Meenakshi Prabhune morphed from a microbiologist into a biochemist and biophysicist and finally into a freelance science writer. As someone who has always been curious of the biological world, microbiology was a natural choice for study as she entered college. The first time she isolated bacterial colonies on an agar plate and observed bacteria swimming under the microscope sparked even more curiosity. “It felt like a whole new invisible world had opened its doors to me,” she recalled. Soon after, she began to suspect that her irritated eyes from using contact lenses were caused by microbes and sought to prove this hypothesis. She sampled her contact lenses and when she saw an agar plate full of pink colonies, she was shocked. Did this scare her away from wearing contacts? Nope. She still uses contact lenses but the incident inspired a more thorough cleaning regiment.
Name: Dr. Meenakshi Prabhune
Job title: Freelance science writer
Location: San Jose, CA, USA
Website: Backpack Full of Questions
After spending time in microbiology, Meenakshi pursued a master’s degree in biochemistry and molecular biology at the University of Bremen and a Ph.D. in biophysics at the University of Göttingen to learn how microbes can be utilized for biological applications. Nearing the end of graduate school, she found her true calling. She realized she enjoyed learning and talking about a diverse set of topics rather than digging deep into one topic for years. And unlike the doom and gloom many graduate students anticipate while writing a dissertation, Meenakshi actually enjoyed this process. “The rewarding feeling of writing and compiling my thesis gave me the final push and courage to transition from the lab into a science writing-based career,” she says. As per tradition at the University of Göttingen doctoral graduation, Meenakshi climbed the Gänseliesel fountain to kiss the statue of the goose girl.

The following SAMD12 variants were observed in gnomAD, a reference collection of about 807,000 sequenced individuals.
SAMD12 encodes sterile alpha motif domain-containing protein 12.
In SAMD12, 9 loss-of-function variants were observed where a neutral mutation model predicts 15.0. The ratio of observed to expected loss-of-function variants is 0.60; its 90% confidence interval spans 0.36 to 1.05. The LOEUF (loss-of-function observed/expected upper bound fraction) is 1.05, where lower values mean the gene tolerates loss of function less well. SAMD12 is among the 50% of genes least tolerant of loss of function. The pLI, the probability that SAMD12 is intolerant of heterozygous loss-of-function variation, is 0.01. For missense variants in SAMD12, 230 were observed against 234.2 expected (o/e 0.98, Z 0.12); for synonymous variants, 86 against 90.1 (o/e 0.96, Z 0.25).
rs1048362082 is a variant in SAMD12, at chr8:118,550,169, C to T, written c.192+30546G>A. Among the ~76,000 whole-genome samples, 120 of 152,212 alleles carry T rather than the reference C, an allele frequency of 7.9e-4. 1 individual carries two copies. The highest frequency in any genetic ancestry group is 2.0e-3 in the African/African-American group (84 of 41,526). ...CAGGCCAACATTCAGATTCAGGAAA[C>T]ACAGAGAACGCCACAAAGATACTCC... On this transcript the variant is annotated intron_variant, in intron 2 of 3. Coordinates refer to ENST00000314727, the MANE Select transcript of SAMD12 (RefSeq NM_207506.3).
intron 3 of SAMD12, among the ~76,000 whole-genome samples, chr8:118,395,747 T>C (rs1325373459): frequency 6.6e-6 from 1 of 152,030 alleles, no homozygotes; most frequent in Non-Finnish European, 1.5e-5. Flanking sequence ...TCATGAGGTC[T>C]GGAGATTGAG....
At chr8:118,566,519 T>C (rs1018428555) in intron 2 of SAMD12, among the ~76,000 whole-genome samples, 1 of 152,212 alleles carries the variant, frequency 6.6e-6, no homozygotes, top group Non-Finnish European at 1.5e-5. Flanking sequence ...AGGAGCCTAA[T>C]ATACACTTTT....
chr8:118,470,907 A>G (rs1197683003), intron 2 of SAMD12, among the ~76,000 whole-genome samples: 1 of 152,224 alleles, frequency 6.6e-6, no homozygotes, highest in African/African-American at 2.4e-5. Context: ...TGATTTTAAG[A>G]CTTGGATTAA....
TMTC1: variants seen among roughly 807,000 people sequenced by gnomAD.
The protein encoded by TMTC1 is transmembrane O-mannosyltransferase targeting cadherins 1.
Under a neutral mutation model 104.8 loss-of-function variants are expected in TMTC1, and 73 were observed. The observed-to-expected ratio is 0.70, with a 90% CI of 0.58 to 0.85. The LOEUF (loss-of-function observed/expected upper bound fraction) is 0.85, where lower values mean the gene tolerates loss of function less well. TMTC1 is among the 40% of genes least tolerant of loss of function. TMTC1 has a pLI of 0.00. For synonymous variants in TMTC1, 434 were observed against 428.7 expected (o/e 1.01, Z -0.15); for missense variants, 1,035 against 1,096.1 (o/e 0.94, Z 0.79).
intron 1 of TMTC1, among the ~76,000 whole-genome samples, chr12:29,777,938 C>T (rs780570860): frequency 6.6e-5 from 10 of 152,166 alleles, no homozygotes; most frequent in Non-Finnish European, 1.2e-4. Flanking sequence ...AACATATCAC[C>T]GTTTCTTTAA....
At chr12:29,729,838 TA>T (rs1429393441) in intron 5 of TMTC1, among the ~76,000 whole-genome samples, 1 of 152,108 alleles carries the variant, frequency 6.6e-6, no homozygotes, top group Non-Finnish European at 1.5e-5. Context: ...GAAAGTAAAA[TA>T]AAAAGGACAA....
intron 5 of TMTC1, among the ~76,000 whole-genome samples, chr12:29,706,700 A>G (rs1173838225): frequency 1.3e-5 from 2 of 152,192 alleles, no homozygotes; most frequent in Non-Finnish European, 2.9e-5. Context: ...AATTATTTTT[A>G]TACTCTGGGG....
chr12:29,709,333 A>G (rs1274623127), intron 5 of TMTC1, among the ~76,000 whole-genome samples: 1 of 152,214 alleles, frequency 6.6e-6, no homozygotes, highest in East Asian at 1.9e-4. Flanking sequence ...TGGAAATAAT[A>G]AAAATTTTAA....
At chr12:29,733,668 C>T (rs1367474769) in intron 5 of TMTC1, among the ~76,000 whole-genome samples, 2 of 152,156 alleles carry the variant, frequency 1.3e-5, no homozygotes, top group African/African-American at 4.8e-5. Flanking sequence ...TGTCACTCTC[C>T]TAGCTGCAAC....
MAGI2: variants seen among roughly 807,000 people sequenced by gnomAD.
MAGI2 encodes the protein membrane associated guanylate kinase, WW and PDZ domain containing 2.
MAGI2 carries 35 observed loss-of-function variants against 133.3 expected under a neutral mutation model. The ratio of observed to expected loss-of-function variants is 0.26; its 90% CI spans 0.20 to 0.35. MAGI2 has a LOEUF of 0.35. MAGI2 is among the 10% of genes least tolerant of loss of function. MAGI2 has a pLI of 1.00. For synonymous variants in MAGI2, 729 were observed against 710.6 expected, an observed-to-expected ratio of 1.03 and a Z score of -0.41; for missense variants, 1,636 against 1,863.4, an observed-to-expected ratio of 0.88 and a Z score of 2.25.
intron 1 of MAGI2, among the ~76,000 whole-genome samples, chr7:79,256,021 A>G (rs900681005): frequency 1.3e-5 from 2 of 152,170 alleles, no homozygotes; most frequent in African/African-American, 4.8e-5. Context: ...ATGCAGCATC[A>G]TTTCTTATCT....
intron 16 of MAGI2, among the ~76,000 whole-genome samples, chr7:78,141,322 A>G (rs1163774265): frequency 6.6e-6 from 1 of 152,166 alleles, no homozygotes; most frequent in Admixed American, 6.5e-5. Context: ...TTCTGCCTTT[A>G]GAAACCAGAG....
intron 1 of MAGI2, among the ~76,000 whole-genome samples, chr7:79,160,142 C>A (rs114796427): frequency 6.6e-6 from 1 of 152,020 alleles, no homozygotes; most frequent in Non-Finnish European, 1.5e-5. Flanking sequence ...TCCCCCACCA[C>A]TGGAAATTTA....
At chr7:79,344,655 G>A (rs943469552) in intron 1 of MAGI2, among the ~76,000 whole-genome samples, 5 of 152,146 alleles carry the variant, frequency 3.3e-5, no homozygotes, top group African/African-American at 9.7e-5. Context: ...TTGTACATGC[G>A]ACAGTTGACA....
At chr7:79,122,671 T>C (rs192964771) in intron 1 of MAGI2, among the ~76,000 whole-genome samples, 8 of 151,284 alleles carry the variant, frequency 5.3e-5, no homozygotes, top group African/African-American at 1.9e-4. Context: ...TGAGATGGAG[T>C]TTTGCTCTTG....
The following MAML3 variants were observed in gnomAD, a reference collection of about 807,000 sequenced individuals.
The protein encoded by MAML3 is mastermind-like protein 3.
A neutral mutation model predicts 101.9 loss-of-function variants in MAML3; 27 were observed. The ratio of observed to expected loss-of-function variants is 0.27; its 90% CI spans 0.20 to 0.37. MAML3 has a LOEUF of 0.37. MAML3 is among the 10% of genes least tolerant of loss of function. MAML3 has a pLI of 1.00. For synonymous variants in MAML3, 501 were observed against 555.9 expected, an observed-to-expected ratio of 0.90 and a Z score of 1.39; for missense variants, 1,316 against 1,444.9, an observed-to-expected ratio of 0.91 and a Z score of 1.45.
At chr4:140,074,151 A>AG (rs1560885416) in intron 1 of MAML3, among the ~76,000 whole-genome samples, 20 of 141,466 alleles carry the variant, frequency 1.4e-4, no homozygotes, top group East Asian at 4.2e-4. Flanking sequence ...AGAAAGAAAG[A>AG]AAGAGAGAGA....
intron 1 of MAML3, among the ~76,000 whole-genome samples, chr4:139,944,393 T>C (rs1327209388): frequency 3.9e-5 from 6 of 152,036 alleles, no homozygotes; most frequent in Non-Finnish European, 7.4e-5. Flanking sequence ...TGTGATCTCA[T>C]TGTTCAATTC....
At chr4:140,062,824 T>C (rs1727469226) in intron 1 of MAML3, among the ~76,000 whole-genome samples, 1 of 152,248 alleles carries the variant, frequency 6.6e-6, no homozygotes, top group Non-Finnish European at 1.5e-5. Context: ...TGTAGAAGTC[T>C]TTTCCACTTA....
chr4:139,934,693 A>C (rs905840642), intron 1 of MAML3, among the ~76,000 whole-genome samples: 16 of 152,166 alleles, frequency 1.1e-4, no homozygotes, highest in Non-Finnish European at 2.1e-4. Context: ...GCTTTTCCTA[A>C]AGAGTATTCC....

As a freelance writer now, Meenakshi spends the day creating pitches for articles, interviewing people, writing and editing. Much of what she writes is geared towards engaging and educating the public. “I believe that bridging the gap between scientists and the public will improve the place of science in society,” Meenakshi says.
Meenakshi also volunteers at the Exploratorium, a science museum in San Francisco and at the Bay Area Science Festival. She enjoys judging local science fairs, leading science demonstrations for school kids and distributing science equipment to underfunded schools. Science writing and outreach go hand in hand by bringing science to diverse audiences.
In her spare time, Meenakshi enjoys reading a good book, hiking and traveling. Her blog, Backpack Full of Questions, is all about science, travel and the intersection of science and travel.
Meenakshi’s microbial doppelgänger: Escherichia coli
Escherichia coli is the go-to bacterium in the lab, whether to study bacterial physiology or to produce proteins to study non-microbiological questions. Meenakshi likens herself to E. coli since they are both dedicated to public service in science.
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